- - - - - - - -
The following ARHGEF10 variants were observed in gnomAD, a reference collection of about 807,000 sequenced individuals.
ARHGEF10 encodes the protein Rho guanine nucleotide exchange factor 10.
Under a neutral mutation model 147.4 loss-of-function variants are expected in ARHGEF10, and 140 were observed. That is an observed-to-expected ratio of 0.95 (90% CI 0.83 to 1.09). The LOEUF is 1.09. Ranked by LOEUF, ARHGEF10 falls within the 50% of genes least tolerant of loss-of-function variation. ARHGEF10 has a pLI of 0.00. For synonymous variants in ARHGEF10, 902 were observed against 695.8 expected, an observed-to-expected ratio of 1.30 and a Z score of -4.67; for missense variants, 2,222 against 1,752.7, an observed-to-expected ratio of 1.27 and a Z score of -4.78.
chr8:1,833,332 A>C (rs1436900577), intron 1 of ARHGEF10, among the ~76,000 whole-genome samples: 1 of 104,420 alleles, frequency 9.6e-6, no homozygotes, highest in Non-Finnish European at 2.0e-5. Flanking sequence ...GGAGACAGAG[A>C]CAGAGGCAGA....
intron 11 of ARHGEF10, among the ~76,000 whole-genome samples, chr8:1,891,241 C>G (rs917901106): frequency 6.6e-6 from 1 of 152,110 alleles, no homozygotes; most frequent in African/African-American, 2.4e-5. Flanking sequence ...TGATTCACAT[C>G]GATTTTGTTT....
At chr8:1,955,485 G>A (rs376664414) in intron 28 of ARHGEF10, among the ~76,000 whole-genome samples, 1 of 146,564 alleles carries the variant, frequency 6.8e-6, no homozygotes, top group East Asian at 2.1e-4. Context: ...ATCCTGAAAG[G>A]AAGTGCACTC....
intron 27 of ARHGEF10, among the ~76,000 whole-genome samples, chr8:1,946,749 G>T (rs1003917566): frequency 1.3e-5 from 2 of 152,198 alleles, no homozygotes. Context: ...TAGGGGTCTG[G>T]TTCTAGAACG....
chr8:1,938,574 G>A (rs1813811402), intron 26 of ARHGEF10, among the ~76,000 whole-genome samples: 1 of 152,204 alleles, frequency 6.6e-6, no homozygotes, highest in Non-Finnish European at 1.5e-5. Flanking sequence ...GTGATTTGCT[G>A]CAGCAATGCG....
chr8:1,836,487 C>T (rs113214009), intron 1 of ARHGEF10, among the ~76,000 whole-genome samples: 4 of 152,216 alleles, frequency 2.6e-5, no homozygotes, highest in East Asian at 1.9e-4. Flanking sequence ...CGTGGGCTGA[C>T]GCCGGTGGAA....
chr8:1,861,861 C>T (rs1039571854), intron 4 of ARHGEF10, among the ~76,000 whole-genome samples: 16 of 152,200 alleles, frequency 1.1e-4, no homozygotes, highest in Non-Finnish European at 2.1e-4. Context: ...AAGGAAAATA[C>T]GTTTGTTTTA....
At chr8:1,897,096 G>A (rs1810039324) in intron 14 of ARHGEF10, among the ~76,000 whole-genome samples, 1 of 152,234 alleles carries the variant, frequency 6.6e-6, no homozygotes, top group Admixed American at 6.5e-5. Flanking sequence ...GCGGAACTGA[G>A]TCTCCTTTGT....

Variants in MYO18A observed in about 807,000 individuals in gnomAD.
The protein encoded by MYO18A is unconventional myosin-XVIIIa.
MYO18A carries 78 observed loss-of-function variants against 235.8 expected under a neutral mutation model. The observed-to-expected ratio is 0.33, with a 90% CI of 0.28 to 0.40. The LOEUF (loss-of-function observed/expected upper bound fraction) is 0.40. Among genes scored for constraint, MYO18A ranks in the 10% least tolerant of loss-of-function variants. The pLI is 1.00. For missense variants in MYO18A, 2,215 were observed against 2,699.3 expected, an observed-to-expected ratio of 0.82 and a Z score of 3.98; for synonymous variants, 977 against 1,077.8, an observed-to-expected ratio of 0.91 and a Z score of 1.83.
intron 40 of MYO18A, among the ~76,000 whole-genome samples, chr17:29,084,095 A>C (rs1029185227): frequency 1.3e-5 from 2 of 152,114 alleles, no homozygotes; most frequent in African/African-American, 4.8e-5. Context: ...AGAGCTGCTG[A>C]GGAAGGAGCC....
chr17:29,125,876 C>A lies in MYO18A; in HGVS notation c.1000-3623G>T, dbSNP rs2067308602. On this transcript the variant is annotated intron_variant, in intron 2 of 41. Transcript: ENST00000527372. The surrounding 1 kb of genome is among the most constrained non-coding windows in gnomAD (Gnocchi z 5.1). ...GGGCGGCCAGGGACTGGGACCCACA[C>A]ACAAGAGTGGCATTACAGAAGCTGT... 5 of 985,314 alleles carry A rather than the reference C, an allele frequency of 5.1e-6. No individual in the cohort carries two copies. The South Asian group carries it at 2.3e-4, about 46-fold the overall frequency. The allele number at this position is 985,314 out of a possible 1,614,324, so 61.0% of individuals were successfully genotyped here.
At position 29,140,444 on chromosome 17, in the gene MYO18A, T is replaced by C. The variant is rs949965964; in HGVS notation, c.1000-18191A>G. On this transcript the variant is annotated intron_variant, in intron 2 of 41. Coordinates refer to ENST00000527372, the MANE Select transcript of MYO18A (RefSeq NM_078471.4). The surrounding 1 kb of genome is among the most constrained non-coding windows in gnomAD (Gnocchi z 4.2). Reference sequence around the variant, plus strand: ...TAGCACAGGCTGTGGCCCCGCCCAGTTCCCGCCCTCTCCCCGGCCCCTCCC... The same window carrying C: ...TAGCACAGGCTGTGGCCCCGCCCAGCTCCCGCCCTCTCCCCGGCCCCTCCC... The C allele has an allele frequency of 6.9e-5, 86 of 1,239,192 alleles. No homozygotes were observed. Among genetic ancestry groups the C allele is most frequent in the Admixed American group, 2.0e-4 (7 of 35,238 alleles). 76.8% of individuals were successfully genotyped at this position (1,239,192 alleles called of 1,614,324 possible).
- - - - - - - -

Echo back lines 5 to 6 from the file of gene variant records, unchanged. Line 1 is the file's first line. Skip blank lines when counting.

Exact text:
intron 11 of ARHGEF10, among the ~76,000 whole-genome samples, chr8:1,891,241 C>G (rs917901106): frequency 6.6e-6 from 1 of 152,110 alleles, no homozygotes; most frequent in African/African-American, 2.4e-5. Flanking sequence ...TGATTCACAT[C>G]GATTTTGTTT....
At chr8:1,955,485 G>A (rs376664414) in intron 28 of ARHGEF10, among the ~76,000 whole-genome samples, 1 of 146,564 alleles carries the variant, frequency 6.8e-6, no homozygotes, top group East Asian at 2.1e-4. Context: ...ATCCTGAAAG[G>A]AAGTGCACTC....